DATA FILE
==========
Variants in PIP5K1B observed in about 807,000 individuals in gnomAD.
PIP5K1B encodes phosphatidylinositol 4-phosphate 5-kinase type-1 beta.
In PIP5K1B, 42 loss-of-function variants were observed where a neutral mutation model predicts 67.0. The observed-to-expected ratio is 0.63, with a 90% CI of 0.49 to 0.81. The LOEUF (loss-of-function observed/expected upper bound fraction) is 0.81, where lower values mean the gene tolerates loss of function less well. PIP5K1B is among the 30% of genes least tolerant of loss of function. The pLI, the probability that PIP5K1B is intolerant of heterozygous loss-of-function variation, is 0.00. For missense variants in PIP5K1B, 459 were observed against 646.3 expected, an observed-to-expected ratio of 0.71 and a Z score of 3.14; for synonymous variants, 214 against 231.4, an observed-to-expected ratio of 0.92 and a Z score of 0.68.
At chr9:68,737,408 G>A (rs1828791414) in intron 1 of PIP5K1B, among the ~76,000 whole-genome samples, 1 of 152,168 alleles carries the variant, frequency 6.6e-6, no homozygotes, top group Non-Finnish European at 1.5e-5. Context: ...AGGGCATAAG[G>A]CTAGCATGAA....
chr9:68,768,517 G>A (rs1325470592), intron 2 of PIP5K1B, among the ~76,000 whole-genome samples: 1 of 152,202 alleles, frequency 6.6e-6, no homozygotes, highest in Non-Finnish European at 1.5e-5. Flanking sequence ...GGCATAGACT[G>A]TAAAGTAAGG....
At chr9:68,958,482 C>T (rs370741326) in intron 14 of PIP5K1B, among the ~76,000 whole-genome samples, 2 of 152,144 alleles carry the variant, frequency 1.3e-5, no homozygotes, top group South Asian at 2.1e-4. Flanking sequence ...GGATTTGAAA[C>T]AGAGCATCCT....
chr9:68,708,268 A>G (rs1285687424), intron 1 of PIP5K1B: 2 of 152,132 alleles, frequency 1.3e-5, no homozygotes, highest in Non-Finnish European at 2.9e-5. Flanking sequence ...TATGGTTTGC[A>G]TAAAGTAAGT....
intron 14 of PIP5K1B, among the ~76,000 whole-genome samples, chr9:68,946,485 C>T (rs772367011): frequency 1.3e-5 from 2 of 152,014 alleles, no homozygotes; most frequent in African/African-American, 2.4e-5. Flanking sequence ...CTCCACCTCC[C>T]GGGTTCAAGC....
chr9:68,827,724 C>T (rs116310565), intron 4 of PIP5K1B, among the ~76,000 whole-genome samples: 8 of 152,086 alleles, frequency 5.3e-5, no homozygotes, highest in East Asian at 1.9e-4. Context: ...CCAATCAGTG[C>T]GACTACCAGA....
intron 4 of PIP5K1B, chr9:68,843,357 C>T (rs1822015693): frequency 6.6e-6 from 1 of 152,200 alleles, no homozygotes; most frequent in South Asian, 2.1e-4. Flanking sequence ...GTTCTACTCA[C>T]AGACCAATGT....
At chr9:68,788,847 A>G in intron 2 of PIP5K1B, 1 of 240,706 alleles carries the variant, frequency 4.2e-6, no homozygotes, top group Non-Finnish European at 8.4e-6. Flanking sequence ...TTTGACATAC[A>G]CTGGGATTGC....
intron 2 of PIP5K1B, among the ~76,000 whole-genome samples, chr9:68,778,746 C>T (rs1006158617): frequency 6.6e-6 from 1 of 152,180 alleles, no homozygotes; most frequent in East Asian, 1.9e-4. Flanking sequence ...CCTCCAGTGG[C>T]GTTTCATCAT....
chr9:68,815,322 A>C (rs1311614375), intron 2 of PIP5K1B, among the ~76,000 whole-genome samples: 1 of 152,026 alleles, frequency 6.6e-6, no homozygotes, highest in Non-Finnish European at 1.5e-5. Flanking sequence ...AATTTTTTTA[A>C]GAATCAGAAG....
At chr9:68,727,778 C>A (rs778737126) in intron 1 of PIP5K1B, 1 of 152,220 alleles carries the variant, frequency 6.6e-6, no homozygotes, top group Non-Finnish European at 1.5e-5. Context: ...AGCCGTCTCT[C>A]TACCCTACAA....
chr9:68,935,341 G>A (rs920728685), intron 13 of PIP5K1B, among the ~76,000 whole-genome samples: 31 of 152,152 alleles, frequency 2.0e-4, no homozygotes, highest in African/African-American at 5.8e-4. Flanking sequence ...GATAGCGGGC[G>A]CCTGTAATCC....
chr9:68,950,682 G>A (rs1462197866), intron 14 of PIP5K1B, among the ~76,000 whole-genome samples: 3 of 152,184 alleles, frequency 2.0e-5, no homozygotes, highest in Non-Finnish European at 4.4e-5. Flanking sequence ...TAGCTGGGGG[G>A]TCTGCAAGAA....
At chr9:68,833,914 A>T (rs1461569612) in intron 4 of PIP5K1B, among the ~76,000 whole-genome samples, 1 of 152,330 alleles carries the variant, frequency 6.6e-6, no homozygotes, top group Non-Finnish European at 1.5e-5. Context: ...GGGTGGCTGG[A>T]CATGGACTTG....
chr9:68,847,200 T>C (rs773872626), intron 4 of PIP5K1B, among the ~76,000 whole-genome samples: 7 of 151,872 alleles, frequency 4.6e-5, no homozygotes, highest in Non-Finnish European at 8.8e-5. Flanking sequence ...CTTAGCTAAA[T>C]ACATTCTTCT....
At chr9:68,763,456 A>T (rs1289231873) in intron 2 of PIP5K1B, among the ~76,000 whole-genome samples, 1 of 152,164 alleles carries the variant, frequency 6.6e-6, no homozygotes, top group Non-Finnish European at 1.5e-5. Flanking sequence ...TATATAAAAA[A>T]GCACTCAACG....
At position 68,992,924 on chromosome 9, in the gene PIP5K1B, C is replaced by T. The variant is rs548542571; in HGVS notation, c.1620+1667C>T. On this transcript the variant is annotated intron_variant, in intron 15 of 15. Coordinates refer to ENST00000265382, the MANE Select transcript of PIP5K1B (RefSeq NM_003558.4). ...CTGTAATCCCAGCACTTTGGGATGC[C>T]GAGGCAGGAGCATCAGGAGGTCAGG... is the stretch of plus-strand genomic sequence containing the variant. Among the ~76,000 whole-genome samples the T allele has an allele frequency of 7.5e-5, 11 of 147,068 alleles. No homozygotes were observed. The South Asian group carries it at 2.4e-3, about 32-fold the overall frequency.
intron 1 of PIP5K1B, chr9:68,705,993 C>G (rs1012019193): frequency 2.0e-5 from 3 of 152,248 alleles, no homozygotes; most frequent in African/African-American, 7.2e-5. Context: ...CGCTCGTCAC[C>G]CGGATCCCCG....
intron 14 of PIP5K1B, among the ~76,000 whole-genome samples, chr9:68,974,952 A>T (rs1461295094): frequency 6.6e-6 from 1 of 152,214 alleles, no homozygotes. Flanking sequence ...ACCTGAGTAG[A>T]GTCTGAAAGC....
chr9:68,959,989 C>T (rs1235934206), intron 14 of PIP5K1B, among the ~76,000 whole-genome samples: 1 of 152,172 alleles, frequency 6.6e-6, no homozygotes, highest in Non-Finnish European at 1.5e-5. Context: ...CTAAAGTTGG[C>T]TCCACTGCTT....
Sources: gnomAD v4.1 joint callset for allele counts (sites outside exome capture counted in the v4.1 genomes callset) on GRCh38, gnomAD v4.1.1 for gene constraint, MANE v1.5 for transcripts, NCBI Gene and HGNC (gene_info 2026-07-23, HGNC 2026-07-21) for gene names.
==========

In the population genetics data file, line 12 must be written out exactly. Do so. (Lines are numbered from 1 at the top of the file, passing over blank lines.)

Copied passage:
intron 2 of PIP5K1B, among the ~76,000 whole-genome samples, chr9:68,778,746 C>T (rs1006158617): frequency 6.6e-6 from 1 of 152,180 alleles, no homozygotes; most frequent in East Asian, 1.9e-4. Flanking sequence ...CCTCCAGTGG[C>T]GTTTCATCAT....